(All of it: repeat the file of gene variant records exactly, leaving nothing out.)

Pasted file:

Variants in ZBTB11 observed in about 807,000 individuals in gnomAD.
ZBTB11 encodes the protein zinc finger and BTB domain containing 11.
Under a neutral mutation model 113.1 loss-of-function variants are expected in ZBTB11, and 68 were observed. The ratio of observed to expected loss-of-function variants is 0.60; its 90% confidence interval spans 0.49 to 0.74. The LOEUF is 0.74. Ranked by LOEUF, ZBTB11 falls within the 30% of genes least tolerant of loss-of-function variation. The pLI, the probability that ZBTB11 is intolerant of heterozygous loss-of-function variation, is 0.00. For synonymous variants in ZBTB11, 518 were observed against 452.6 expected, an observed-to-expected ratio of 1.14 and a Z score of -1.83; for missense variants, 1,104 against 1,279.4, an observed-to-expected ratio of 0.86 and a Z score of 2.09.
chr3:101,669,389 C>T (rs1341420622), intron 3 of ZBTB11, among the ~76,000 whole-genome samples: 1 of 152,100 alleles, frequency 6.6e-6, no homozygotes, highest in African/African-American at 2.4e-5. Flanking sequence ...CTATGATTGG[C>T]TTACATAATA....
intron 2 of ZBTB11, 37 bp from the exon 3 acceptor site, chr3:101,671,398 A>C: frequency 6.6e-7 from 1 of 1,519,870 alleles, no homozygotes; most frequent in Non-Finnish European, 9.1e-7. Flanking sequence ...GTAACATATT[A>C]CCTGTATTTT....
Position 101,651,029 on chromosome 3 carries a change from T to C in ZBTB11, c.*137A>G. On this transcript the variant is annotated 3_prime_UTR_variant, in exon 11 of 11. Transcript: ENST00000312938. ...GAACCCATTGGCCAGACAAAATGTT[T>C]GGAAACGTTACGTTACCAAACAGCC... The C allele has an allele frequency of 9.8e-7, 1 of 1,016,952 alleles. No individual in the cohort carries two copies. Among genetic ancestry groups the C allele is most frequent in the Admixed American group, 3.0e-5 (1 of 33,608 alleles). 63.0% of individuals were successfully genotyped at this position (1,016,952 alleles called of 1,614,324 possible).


Variants in ZBTB11 observed in about 807,000 individuals in gnomAD.
ZBTB11 encodes the protein zinc finger and BTB domain containing 11.
Under a neutral mutation model 113.1 loss-of-function variants are expected in ZBTB11, and 68 were observed. The ratio of observed to expected loss-of-function variants is 0.60; its 90% confidence interval spans 0.49 to 0.74. The LOEUF is 0.74. Ranked by LOEUF, ZBTB11 falls within the 30% of genes least tolerant of loss-of-function variation. The pLI, the probability that ZBTB11 is intolerant of heterozygous loss-of-function variation, is 0.00. For synonymous variants in ZBTB11, 518 were observed against 452.6 expected, an observed-to-expected ratio of 1.14 and a Z score of -1.83; for missense variants, 1,104 against 1,279.4, an observed-to-expected ratio of 0.86 and a Z score of 2.09.
chr3:101,669,389 C>T (rs1341420622), intron 3 of ZBTB11, among the ~76,000 whole-genome samples: 1 of 152,100 alleles, frequency 6.6e-6, no homozygotes, highest in African/African-American at 2.4e-5. Flanking sequence ...CTATGATTGG[C>T]TTACATAATA....
intron 2 of ZBTB11, 37 bp from the exon 3 acceptor site, chr3:101,671,398 A>C: frequency 6.6e-7 from 1 of 1,519,870 alleles, no homozygotes; most frequent in Non-Finnish European, 9.1e-7. Flanking sequence ...GTAACATATT[A>C]CCTGTATTTT....
Position 101,651,029 on chromosome 3 carries a change from T to C in ZBTB11, c.*137A>G. On this transcript the variant is annotated 3_prime_UTR_variant, in exon 11 of 11. Transcript: ENST00000312938. ...GAACCCATTGGCCAGACAAAATGTT[T>C]GGAAACGTTACGTTACCAAACAGCC... The C allele has an allele frequency of 9.8e-7, 1 of 1,016,952 alleles. No individual in the cohort carries two copies. Among genetic ancestry groups the C allele is most frequent in the Admixed American group, 3.0e-5 (1 of 33,608 alleles). 63.0% of individuals were successfully genotyped at this position (1,016,952 alleles called of 1,614,324 possible).